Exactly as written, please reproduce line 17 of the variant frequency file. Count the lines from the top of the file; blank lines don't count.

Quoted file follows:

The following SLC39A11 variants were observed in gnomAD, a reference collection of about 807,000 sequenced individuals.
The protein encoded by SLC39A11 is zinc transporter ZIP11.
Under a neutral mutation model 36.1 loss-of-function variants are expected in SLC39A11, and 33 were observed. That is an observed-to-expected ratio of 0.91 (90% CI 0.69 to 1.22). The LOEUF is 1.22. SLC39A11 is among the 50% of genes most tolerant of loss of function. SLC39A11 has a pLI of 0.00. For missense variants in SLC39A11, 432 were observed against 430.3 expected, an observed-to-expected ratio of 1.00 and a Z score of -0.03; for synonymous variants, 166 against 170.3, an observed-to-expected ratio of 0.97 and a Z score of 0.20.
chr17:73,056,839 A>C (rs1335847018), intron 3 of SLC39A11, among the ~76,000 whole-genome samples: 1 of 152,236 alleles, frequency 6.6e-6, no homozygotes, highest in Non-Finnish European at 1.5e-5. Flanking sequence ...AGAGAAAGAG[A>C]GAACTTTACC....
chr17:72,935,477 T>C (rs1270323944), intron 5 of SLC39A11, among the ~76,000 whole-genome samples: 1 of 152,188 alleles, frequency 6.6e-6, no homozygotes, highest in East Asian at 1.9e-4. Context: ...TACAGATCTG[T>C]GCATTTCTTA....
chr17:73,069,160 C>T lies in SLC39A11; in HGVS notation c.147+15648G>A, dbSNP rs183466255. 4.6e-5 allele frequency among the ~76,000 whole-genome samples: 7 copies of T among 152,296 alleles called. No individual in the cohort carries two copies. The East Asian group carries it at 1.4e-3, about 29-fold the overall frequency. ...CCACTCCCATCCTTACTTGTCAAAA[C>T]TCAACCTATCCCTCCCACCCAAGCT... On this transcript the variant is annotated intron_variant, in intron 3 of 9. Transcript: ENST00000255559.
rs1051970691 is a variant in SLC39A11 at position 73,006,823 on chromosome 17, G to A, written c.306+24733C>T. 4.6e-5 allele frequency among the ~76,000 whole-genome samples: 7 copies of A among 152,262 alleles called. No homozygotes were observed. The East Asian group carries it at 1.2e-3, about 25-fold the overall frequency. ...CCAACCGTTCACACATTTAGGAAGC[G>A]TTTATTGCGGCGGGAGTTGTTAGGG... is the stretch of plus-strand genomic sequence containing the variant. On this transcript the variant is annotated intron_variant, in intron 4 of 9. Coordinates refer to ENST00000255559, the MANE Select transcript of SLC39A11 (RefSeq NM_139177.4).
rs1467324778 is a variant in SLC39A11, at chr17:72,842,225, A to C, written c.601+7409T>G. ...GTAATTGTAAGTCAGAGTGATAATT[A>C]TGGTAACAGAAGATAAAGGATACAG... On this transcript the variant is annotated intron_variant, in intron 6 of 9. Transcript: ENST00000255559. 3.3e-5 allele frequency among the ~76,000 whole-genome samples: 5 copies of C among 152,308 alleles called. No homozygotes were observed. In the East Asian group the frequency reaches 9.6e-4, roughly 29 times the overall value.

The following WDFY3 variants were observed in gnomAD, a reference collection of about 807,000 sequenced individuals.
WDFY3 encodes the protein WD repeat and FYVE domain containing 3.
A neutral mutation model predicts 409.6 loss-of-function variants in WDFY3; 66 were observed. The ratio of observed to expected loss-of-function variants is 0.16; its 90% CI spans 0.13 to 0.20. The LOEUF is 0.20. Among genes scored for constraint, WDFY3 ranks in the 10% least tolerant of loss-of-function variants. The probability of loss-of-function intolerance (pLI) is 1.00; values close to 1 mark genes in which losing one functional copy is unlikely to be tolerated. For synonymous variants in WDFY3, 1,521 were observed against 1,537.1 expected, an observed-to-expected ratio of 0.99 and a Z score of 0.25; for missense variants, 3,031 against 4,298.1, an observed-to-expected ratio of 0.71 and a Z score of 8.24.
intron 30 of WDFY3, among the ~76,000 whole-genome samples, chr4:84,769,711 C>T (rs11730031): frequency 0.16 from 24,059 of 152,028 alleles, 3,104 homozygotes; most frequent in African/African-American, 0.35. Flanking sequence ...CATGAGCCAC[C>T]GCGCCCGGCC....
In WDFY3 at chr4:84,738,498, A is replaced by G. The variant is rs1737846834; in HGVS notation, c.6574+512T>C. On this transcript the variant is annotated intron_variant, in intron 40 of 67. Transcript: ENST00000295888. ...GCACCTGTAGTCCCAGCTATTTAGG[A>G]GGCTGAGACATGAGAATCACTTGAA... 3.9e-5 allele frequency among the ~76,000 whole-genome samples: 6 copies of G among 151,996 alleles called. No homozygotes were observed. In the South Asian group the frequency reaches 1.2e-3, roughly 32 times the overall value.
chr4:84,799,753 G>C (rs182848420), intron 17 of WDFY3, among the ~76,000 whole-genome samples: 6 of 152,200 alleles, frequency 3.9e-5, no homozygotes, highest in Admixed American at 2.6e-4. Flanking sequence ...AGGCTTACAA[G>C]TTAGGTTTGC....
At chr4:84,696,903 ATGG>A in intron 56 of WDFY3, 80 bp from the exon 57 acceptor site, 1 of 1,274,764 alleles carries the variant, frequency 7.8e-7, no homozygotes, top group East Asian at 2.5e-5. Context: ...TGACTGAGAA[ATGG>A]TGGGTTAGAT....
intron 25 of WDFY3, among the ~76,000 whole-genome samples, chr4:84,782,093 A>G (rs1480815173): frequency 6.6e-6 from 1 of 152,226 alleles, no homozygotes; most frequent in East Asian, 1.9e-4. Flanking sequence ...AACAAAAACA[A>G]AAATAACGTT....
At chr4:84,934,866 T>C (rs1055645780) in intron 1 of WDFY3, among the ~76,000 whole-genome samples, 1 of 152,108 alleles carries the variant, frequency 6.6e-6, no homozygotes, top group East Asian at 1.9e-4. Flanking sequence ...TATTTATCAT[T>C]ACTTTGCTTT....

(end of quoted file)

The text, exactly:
At chr4:84,934,866 T>C (rs1055645780) in intron 1 of WDFY3, among the ~76,000 whole-genome samples, 1 of 152,108 alleles carries the variant, frequency 6.6e-6, no homozygotes, top group East Asian at 1.9e-4. Flanking sequence ...TATTTATCAT[T>C]ACTTTGCTTT....